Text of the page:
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    young, black and female. The choice is obvious: Condoleezza Rice.
    not convinced she's any of the above

  8. #23
    Chief Antagonist Ninjahedge's Avatar
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    Shes the Anti-Universes David Letterman.

  9. #24
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    Quote Originally Posted by ablarc View Post
    I used to think the job of president was one anybody could fill honorably if they hadn't been through the experience necessary to get there --an experience that requires you to hang up your ideals and become corrupt.

    The current president is proof that you don't need intelligence to go through the paces to do the job, but he's also proof that you need good judgment and character to keep from being a failure. Just pulling a name out out of a hat and saying, "you're president!" runs about a 50/50 risk of getting someone with bad character by my reckoning --which might be better odds than the present system gives us.


    Your criteria represent yet another approach that might work: choose a president by age, race and gender. Since you're obviously dismayed by old, white and male, the furthest you can get from that is young, black and female. The choice is obvious: Condoleezza Rice.

    Christ who in there right mind would vote for her!!!!. I dont even know Republicans that like her

  10. #25

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    I think it was sarcasm.

  11. #26

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    Quote Originally Posted by ZippyTheChimp View Post
    I think it was sarcasm.
    Zippy, you make emoticons superfluous.

  12. #27

  13. #28

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    Abe Lincoln wouldn't have a chance.

    Washington might be a shoo-in.

  14. #29

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    February 4, 2007

    Giuliani on 2008 Bid: ‘A Real Good Chance’

    By RAY RIVERA

    Rudolph W. Giuliani appeared to move a step closer to announcing his presidential ambitions yesterday, saying after an appearance in South Carolina that “there’s a real good chance” he will run.

    Mr. Giuliani’s intentions have been all but taken for granted by most political observers. He has made two trips to New Hampshire — home of the nation’s first primary — and has promised to make more. He has formed an exploratory committee, hired campaign workers and moved to divest himself from a large chunk of his consulting business to avoid conflicts in the event of a presidential bid.

    But on the nascent campaign trail itself, the former New York City mayor has coyly stepped around the question of “Will he or won’t he?”

    After a 30-minute speech before Republican Party leaders in South Carolina, Mr. Giuliani fielded the question again, but this time came closer than he had before to giving a definitive response in public. “There’s a real good chance,” he told an Associated Press reporter.

    Mr. Giuliani’s aides declined to comment further on the remark.

    Other signals of his impending bid can be seen in his tightly packed schedule of appearances and fund-raisers in the days and weeks to come. According a source close to the campaign, the itinerary includes fund-raisers in Florida on Tuesday followed by more stops across the country before appearing as the keynote speaker at the California Republican Convention in Sacramento on Saturday.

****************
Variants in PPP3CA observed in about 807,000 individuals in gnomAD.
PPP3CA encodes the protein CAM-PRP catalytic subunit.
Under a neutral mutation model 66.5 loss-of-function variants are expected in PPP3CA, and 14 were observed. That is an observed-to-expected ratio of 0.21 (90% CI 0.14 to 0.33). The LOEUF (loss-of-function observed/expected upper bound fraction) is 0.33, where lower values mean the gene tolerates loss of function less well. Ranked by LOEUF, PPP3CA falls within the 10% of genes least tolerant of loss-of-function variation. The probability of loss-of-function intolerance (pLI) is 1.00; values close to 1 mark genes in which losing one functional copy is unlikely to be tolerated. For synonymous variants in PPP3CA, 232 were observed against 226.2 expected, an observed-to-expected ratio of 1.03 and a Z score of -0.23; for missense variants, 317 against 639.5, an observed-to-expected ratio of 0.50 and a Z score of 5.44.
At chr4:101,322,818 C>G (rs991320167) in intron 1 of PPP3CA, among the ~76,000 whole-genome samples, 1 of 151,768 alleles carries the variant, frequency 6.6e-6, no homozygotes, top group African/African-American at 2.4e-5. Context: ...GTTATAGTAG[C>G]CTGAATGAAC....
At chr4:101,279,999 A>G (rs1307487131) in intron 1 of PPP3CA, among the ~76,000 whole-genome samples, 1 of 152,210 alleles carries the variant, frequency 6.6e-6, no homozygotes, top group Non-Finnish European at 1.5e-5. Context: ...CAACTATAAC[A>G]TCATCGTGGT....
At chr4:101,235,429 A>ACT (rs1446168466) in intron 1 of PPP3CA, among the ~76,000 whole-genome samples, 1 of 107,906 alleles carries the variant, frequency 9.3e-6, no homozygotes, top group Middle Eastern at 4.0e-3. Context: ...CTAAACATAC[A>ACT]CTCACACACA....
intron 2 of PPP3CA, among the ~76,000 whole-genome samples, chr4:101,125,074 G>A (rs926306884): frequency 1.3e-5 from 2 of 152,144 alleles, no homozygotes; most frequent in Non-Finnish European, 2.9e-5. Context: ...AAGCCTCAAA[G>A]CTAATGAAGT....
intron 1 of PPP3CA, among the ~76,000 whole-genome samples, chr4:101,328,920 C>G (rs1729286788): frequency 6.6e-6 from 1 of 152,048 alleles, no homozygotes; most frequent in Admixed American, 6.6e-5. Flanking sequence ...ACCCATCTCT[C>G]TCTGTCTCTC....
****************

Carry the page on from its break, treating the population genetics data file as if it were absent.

Mr. Giuliani is not alone among potential Republican White House contenders who have yet to formally declare their intentions. Others include Senator John McCain of Arizona and former Gov. Mitt Romney of Massachusetts.

    But Mr. Giuliani’s delay has caused some political analysts to wonder if he is waiting too long, although others have said his name recognition gives him extra time before deciding to get into the race.

    Patrick Dorinson, spokesman for the California Republican Party, said if Mr. Giuliani is thinking about announcing anytime soon, the convention in Sacramento could be an ideal setting.

    “It’s going to be very well attended,” Mr. Dorinson said. “We’ve received a lot of media interest and members of the party are very excited about seeing Giuliani, so if he wanted to make an announcement, it certainly could be a place to do it.”

    In addition, Mr. Dorinson said, Mr. Giuliani will be the only potential presidential candidate speaking at the convention, so he will have the floor to himself.

    The state party that propelled Arnold Schwarzenegger to the governor’s mansion might also provide a warmer reception to Mr. Giuliani than, say, Iowa or South Carolina, where his moderate stands on abortion, gay rights and gun control are likely to find stiff resistance from social conservatives.

    Mr. Dorinson said he had not heard any speculation that Mr. Giuliani would announce there and had not seen an advance copy of his speech. If it did happen, it would coincidentally come on the same day that Senator Barack Obama, a Democrat, has said he will formally declare his candidacy in Illinois.

    “There’s been so much talk about the Democratic race,” Mr. Dorinson said. “We’re just excited California Republicans will get to see a potential Republican candidate.”

    Copyright 2007 The New York Times Company